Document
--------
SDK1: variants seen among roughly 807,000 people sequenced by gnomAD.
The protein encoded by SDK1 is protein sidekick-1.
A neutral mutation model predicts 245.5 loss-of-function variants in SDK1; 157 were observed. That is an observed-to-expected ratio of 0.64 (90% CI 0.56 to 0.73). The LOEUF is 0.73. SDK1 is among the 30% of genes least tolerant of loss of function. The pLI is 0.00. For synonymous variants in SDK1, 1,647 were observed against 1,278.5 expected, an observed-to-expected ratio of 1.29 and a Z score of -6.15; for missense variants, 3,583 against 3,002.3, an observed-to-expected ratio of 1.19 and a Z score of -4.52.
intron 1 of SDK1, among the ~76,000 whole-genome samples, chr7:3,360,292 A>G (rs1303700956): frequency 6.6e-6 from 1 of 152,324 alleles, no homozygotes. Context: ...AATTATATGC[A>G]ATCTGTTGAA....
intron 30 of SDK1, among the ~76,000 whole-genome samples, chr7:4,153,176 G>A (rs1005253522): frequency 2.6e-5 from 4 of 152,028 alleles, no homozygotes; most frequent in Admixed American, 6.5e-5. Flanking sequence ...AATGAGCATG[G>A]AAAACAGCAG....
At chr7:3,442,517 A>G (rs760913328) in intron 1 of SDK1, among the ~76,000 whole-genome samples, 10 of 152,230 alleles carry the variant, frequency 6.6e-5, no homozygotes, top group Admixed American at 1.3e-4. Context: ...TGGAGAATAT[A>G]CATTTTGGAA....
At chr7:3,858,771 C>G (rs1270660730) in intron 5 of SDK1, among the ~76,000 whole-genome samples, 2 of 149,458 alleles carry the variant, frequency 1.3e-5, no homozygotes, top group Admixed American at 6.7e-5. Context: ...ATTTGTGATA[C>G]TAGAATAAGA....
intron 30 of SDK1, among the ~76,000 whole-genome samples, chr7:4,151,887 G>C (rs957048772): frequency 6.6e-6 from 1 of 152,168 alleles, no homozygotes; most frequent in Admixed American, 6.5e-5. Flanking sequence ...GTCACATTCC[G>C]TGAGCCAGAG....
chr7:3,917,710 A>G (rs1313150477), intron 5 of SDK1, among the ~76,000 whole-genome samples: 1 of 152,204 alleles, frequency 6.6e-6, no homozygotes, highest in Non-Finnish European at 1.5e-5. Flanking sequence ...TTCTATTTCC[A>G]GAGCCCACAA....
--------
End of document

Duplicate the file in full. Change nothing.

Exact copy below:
SDK1: variants seen among roughly 807,000 people sequenced by gnomAD.
The protein encoded by SDK1 is protein sidekick-1.
A neutral mutation model predicts 245.5 loss-of-function variants in SDK1; 157 were observed. That is an observed-to-expected ratio of 0.64 (90% CI 0.56 to 0.73). The LOEUF is 0.73. SDK1 is among the 30% of genes least tolerant of loss of function. The pLI is 0.00. For synonymous variants in SDK1, 1,647 were observed against 1,278.5 expected, an observed-to-expected ratio of 1.29 and a Z score of -6.15; for missense variants, 3,583 against 3,002.3, an observed-to-expected ratio of 1.19 and a Z score of -4.52.
intron 1 of SDK1, among the ~76,000 whole-genome samples, chr7:3,360,292 A>G (rs1303700956): frequency 6.6e-6 from 1 of 152,324 alleles, no homozygotes. Context: ...AATTATATGC[A>G]ATCTGTTGAA....
intron 30 of SDK1, among the ~76,000 whole-genome samples, chr7:4,153,176 G>A (rs1005253522): frequency 2.6e-5 from 4 of 152,028 alleles, no homozygotes; most frequent in Admixed American, 6.5e-5. Flanking sequence ...AATGAGCATG[G>A]AAAACAGCAG....
At chr7:3,442,517 A>G (rs760913328) in intron 1 of SDK1, among the ~76,000 whole-genome samples, 10 of 152,230 alleles carry the variant, frequency 6.6e-5, no homozygotes, top group Admixed American at 1.3e-4. Context: ...TGGAGAATAT[A>G]CATTTTGGAA....
At chr7:3,858,771 C>G (rs1270660730) in intron 5 of SDK1, among the ~76,000 whole-genome samples, 2 of 149,458 alleles carry the variant, frequency 1.3e-5, no homozygotes, top group Admixed American at 6.7e-5. Context: ...ATTTGTGATA[C>G]TAGAATAAGA....
intron 30 of SDK1, among the ~76,000 whole-genome samples, chr7:4,151,887 G>C (rs957048772): frequency 6.6e-6 from 1 of 152,168 alleles, no homozygotes; most frequent in Admixed American, 6.5e-5. Flanking sequence ...GTCACATTCC[G>C]TGAGCCAGAG....
chr7:3,917,710 A>G (rs1313150477), intron 5 of SDK1, among the ~76,000 whole-genome samples: 1 of 152,204 alleles, frequency 6.6e-6, no homozygotes, highest in Non-Finnish European at 1.5e-5. Flanking sequence ...TTCTATTTCC[A>G]GAGCCCACAA....